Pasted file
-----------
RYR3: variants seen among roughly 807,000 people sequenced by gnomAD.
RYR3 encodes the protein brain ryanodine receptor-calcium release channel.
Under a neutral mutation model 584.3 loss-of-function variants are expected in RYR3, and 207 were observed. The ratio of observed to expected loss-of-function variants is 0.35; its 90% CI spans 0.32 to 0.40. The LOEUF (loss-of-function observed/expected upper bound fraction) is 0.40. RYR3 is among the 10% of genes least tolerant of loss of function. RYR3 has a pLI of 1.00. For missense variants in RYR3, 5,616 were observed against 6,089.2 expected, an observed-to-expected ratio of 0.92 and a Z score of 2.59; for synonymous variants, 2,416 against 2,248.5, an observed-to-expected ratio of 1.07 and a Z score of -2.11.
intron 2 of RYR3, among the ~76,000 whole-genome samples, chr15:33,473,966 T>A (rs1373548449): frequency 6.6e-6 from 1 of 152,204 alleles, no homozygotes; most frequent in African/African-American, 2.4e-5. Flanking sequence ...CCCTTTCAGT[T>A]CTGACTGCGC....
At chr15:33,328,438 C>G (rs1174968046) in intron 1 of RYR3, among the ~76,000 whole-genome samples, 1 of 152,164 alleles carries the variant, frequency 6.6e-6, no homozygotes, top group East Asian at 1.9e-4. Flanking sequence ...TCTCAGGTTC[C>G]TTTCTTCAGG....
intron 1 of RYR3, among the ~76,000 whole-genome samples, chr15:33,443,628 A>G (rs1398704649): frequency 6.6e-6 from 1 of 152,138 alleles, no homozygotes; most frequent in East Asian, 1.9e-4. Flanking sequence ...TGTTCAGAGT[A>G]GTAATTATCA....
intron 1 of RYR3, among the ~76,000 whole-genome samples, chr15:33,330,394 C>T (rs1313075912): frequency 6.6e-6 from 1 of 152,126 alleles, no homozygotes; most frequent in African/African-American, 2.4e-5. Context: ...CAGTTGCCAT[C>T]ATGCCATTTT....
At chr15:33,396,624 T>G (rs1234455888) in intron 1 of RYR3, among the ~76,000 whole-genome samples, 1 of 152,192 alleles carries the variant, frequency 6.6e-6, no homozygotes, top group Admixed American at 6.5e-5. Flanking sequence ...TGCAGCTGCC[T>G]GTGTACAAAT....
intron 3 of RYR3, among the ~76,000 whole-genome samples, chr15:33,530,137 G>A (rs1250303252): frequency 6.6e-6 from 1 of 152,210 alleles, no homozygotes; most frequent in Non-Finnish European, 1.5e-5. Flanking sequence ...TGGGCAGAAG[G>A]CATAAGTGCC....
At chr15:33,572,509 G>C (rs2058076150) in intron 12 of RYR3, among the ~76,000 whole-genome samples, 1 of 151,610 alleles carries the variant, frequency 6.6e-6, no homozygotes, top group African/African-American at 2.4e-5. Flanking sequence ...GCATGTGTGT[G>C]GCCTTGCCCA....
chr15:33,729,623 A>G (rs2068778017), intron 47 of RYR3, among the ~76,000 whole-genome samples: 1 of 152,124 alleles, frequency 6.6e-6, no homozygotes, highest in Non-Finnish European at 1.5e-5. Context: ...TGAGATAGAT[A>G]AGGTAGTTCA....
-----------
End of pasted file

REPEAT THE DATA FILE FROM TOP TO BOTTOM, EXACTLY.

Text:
RYR3: variants seen among roughly 807,000 people sequenced by gnomAD.
RYR3 encodes the protein brain ryanodine receptor-calcium release channel.
Under a neutral mutation model 584.3 loss-of-function variants are expected in RYR3, and 207 were observed. The ratio of observed to expected loss-of-function variants is 0.35; its 90% CI spans 0.32 to 0.40. The LOEUF (loss-of-function observed/expected upper bound fraction) is 0.40. RYR3 is among the 10% of genes least tolerant of loss of function. RYR3 has a pLI of 1.00. For missense variants in RYR3, 5,616 were observed against 6,089.2 expected, an observed-to-expected ratio of 0.92 and a Z score of 2.59; for synonymous variants, 2,416 against 2,248.5, an observed-to-expected ratio of 1.07 and a Z score of -2.11.
intron 2 of RYR3, among the ~76,000 whole-genome samples, chr15:33,473,966 T>A (rs1373548449): frequency 6.6e-6 from 1 of 152,204 alleles, no homozygotes; most frequent in African/African-American, 2.4e-5. Flanking sequence ...CCCTTTCAGT[T>A]CTGACTGCGC....
At chr15:33,328,438 C>G (rs1174968046) in intron 1 of RYR3, among the ~76,000 whole-genome samples, 1 of 152,164 alleles carries the variant, frequency 6.6e-6, no homozygotes, top group East Asian at 1.9e-4. Flanking sequence ...TCTCAGGTTC[C>G]TTTCTTCAGG....
intron 1 of RYR3, among the ~76,000 whole-genome samples, chr15:33,443,628 A>G (rs1398704649): frequency 6.6e-6 from 1 of 152,138 alleles, no homozygotes; most frequent in East Asian, 1.9e-4. Flanking sequence ...TGTTCAGAGT[A>G]GTAATTATCA....
intron 1 of RYR3, among the ~76,000 whole-genome samples, chr15:33,330,394 C>T (rs1313075912): frequency 6.6e-6 from 1 of 152,126 alleles, no homozygotes; most frequent in African/African-American, 2.4e-5. Context: ...CAGTTGCCAT[C>T]ATGCCATTTT....
At chr15:33,396,624 T>G (rs1234455888) in intron 1 of RYR3, among the ~76,000 whole-genome samples, 1 of 152,192 alleles carries the variant, frequency 6.6e-6, no homozygotes, top group Admixed American at 6.5e-5. Flanking sequence ...TGCAGCTGCC[T>G]GTGTACAAAT....
intron 3 of RYR3, among the ~76,000 whole-genome samples, chr15:33,530,137 G>A (rs1250303252): frequency 6.6e-6 from 1 of 152,210 alleles, no homozygotes; most frequent in Non-Finnish European, 1.5e-5. Flanking sequence ...TGGGCAGAAG[G>A]CATAAGTGCC....
At chr15:33,572,509 G>C (rs2058076150) in intron 12 of RYR3, among the ~76,000 whole-genome samples, 1 of 151,610 alleles carries the variant, frequency 6.6e-6, no homozygotes, top group African/African-American at 2.4e-5. Flanking sequence ...GCATGTGTGT[G>C]GCCTTGCCCA....
chr15:33,729,623 A>G (rs2068778017), intron 47 of RYR3, among the ~76,000 whole-genome samples: 1 of 152,124 alleles, frequency 6.6e-6, no homozygotes, highest in Non-Finnish European at 1.5e-5. Context: ...TGAGATAGAT[A>G]AGGTAGTTCA....